Jackson, Granderson popular targets
Trading one or both could help Tigers fill needs
INDIANAPOLIS -- One thing seems certain: Edwin Jackson seems to be heading for a move soon. Where he's going is another question. Whether Curtis Granderson joins him is another. Could they even go in the same deal?
Tigers president/general manager Dave Dombrowski didn't have to mention either one by name when he talked about his discussions Monday to reflect how much interest was building in Jackson and Granderson as the Winter Meetings began.
"We are much more open-minded to talk about things than we had been in the past," Dombrowski said Monday evening before talk of a potential three-way deal with the Yankees and D-backs that would include both Granderson and Jackson surfaced via a report on FOXSports.com.
But the Tigers are talking about enough things that they set the tone for baseball's rumor mill as the meetings roll on. A report from USA Today early Monday afternoon suggested a deal involving Jackson was close. Another rumor later in the day from another publication suggested a deal was done with the Mets, a rumor that was quickly denied.
While the D-backs had discussions with the Tigers on Jackson, a FOXSports.com report included the Mariners and Angels among teams interested in Jackson, with the Halos also interested in Granderson.
"We're talking about a lot of different things right now," Dombrowski said Monday evening. "We anticipated having a lot of conversations, and we have done that, even in the short time period."
By Monday evening, as Dombrowski spoke, it became clear that the Tigers were weighing a lot of interest during an opening day that he characterized as "more intensified" than most, both in number of conversations and in depth.
As far as any deal being imminent, however, Dombrowski indicated team officials were weighing their options while also making their own demands on what they expect.
"I don't know if we're close to a trade or not," Dombrowski said. "I don't really know that. Somebody might call us up and say, 'You've got a deal.' And I'm not just talking about [Jackson] specifically; I'm talking about any player or a few players we're talking about.
"But we have had a lot of conversations. I would also not be shocked if I sat here [later in the week] and told you that nothing did happen."
At this point, the latter would be quite a surprise to everyone gathered here.
The Tigers came into the Winter Meetings saying they will not make a deal simply to clear payroll, and they continue to suggest that. They continue to look for young talent that can help them now and in the future, and Dombrowski insists that they will not give up on 2010 as they look toward the future.
However, while the Tigers don't discuss it, there's also a realization that the economy in Michigan is forcing the team to adjust, even as Detroit awaits expiring contracts that could take more than $50 million off the payroll for 2011. Even if the Tigers trade Jackson and Granderson, their '10 payroll will sit well above $100 million.
Fire sale or not -- and Dombrowski, who knows about having to sell off players from his days as the GM in Montreal and Florida -- it certainly isn't business as usual.
"We've been more open-minded to talk about different things than in the past," Dombrowski reiterated. "A lot of times, you don't even entertain those questions. A couple years ago, we tried to get one specific piece, which was a shortstop, which didn't work out very well for us. We weren't looking to move anybody. We just tried to add Edgar Renteria. It didn't work for us.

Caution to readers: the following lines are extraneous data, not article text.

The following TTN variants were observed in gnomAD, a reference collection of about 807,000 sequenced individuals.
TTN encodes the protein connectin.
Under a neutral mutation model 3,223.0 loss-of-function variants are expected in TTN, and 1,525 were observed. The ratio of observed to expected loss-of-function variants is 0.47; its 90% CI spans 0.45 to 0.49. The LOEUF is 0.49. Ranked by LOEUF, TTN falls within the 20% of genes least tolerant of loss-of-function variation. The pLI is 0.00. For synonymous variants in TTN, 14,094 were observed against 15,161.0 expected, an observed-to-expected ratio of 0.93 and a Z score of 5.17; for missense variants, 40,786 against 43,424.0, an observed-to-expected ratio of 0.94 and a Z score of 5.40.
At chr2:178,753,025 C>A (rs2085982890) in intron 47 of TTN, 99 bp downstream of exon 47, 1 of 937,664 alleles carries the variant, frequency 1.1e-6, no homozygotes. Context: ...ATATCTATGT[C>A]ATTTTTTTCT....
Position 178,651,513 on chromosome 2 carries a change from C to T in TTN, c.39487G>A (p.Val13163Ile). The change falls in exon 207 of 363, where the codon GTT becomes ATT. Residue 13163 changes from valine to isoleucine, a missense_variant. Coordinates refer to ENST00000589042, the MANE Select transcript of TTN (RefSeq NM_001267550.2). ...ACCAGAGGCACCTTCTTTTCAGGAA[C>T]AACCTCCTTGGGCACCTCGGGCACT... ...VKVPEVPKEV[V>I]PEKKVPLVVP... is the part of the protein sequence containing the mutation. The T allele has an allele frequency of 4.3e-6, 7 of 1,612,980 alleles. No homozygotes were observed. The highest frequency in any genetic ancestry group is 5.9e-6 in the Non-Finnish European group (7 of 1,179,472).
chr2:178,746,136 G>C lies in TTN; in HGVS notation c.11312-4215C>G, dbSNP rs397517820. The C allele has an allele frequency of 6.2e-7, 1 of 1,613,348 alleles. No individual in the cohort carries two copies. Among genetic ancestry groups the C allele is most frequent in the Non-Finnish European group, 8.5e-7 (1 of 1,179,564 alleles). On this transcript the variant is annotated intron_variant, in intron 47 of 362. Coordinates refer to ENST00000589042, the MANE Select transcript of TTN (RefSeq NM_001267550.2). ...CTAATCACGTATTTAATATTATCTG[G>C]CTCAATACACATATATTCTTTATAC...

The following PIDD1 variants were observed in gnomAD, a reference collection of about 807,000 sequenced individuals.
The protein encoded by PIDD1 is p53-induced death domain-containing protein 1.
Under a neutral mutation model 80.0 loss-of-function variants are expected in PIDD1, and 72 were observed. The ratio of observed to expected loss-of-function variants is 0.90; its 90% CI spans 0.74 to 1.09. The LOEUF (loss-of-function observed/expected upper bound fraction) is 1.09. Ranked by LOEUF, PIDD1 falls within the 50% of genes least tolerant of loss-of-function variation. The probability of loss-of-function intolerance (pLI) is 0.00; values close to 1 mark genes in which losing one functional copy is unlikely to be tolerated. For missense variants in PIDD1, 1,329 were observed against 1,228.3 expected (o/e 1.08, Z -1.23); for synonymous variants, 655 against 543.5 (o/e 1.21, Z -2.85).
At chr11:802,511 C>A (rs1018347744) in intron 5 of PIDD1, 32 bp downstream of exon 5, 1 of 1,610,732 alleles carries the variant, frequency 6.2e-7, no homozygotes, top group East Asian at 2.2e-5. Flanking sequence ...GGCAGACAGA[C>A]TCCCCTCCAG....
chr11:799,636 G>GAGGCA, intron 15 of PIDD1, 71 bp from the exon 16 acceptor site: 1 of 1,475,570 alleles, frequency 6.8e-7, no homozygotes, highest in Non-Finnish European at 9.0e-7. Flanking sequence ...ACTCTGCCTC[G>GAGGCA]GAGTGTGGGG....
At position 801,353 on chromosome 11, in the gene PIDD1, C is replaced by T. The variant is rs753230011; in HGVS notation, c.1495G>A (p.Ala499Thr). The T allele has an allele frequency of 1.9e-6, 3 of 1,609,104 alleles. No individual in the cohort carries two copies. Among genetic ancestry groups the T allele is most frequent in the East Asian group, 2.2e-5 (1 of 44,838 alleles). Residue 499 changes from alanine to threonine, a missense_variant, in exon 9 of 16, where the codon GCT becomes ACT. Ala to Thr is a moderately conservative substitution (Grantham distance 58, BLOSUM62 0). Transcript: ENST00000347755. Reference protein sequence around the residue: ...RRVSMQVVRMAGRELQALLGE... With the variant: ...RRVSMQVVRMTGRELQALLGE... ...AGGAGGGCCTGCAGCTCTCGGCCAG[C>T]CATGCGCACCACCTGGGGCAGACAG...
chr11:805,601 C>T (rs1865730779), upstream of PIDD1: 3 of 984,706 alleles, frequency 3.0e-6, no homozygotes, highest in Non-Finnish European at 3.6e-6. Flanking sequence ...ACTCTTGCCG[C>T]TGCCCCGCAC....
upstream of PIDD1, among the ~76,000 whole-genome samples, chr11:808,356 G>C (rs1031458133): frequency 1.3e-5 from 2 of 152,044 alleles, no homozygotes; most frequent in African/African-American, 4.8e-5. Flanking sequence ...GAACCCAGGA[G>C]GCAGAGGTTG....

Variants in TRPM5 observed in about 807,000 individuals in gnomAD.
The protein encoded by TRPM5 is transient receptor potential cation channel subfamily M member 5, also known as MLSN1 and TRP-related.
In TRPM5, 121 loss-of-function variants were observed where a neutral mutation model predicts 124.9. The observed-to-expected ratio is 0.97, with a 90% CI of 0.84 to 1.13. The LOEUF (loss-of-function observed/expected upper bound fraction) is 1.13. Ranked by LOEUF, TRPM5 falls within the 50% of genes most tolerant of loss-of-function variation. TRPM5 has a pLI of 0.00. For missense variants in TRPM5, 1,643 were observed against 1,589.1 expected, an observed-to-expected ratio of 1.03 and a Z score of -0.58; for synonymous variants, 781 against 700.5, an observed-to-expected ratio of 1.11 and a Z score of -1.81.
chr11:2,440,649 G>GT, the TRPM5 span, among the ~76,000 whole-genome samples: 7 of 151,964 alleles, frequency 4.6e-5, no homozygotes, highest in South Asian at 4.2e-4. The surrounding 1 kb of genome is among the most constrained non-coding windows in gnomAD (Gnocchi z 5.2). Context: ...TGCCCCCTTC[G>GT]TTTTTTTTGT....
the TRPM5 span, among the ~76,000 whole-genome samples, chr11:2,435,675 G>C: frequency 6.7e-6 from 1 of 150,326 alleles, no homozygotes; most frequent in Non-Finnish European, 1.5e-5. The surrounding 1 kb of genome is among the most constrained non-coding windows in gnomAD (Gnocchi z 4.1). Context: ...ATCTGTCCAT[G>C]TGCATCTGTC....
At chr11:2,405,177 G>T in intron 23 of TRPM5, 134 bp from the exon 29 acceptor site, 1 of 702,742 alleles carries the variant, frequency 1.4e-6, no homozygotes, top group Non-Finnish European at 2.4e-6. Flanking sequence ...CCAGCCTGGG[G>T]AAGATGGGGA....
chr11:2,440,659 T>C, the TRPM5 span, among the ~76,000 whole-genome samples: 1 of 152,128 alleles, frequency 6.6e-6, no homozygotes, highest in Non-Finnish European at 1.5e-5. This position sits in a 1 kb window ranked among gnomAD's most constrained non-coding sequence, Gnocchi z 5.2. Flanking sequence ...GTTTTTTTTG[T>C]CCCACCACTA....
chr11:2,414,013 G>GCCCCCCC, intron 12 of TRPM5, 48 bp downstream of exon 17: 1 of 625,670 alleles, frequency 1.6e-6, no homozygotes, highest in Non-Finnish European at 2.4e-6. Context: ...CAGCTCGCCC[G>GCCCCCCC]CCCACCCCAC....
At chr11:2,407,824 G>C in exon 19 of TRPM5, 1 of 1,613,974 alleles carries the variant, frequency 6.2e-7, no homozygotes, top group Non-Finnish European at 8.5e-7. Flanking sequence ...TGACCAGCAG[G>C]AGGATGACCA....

"Last year was a different approach for us. We kind of filled in guys with one-year [contracts] here, one-year [contracts] there, and we had a better club."
Now, it's clearly a different direction again. And with all 30 front offices represented in the same town, Detroit's two most appealing trade pieces are building interest.
Jackson remains the most likely Tigers player to be traded. Just 26 years old, he's coming off a breakout season that earned him an All-Star spot and kept the team in some low-scoring battles. However, his second consecutive second-half fade raised concerns within the organization about his long-term success. He's also on track for free agency in two years, and with Scott Boras as his agent, he won't be easy to re-sign if those two years are good ones.
Indications over the weekend suggested Detroit could be cooling on trading Granderson, possibly out of public reaction. That doesn't mean, however, the team has stopped listening to interest, which has seemingly built in the days since free-agent speedster Chone Figgins reached a reported deal with Seattle. While several teams have reason for interest in Granderson, that doesn't mean they're willing to meet the asking price.
The Angels are a logical destination, given their newfound need for a leadoff hitter. However, they're expected to use prospect Brandon Wood in Figgins' place at third base, removing a potentially enticing piece from consideration. Their strength lies in two young catchers in Jeff Mathis and Mike Napoli, along with prospect Hank Conger.
Any interest from the Cubs seemingly would hinge on their ability to trade Milton Bradley and open a spot in the outfield for incumbent center fielder Kosuke Fukudome to move to right. However, Chicago would appear unlikely to give up a prospect-laden package that would include shortstop Starlin Castro.
The Tigers, however, still say they won't sell off without a good return. The bidding on that front appears to have begun.
"The deals that we have kicked around so far, we feel good [about] making from a baseball sense," Dombrowski said. "And I don't know if they'll happen or not."
Jason Beck is a reporter for MLB.com. This story was not subject to the approval of Major League Baseball or its clubs.